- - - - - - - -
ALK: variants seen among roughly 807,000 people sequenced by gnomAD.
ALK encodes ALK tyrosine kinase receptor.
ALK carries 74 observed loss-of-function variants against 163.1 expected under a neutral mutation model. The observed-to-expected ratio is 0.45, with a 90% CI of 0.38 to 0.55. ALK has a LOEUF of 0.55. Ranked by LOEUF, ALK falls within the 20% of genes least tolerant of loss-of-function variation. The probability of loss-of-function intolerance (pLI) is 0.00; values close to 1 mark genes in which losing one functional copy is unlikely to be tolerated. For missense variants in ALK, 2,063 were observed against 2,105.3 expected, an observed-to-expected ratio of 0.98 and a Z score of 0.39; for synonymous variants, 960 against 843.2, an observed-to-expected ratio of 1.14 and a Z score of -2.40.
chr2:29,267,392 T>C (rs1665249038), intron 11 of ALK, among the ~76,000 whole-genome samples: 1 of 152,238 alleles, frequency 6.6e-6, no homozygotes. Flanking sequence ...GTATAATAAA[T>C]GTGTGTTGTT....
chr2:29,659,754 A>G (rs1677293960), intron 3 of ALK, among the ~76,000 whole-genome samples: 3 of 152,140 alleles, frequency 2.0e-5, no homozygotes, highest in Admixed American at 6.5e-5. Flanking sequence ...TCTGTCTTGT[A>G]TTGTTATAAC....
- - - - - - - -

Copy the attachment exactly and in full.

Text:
ALK: variants seen among roughly 807,000 people sequenced by gnomAD.
ALK encodes ALK tyrosine kinase receptor.
ALK carries 74 observed loss-of-function variants against 163.1 expected under a neutral mutation model. The observed-to-expected ratio is 0.45, with a 90% CI of 0.38 to 0.55. ALK has a LOEUF of 0.55. Ranked by LOEUF, ALK falls within the 20% of genes least tolerant of loss-of-function variation. The probability of loss-of-function intolerance (pLI) is 0.00; values close to 1 mark genes in which losing one functional copy is unlikely to be tolerated. For missense variants in ALK, 2,063 were observed against 2,105.3 expected, an observed-to-expected ratio of 0.98 and a Z score of 0.39; for synonymous variants, 960 against 843.2, an observed-to-expected ratio of 1.14 and a Z score of -2.40.
chr2:29,267,392 T>C (rs1665249038), intron 11 of ALK, among the ~76,000 whole-genome samples: 1 of 152,238 alleles, frequency 6.6e-6, no homozygotes. Flanking sequence ...GTATAATAAA[T>C]GTGTGTTGTT....
chr2:29,659,754 A>G (rs1677293960), intron 3 of ALK, among the ~76,000 whole-genome samples: 3 of 152,140 alleles, frequency 2.0e-5, no homozygotes, highest in Admixed American at 6.5e-5. Flanking sequence ...TCTGTCTTGT[A>G]TTGTTATAAC....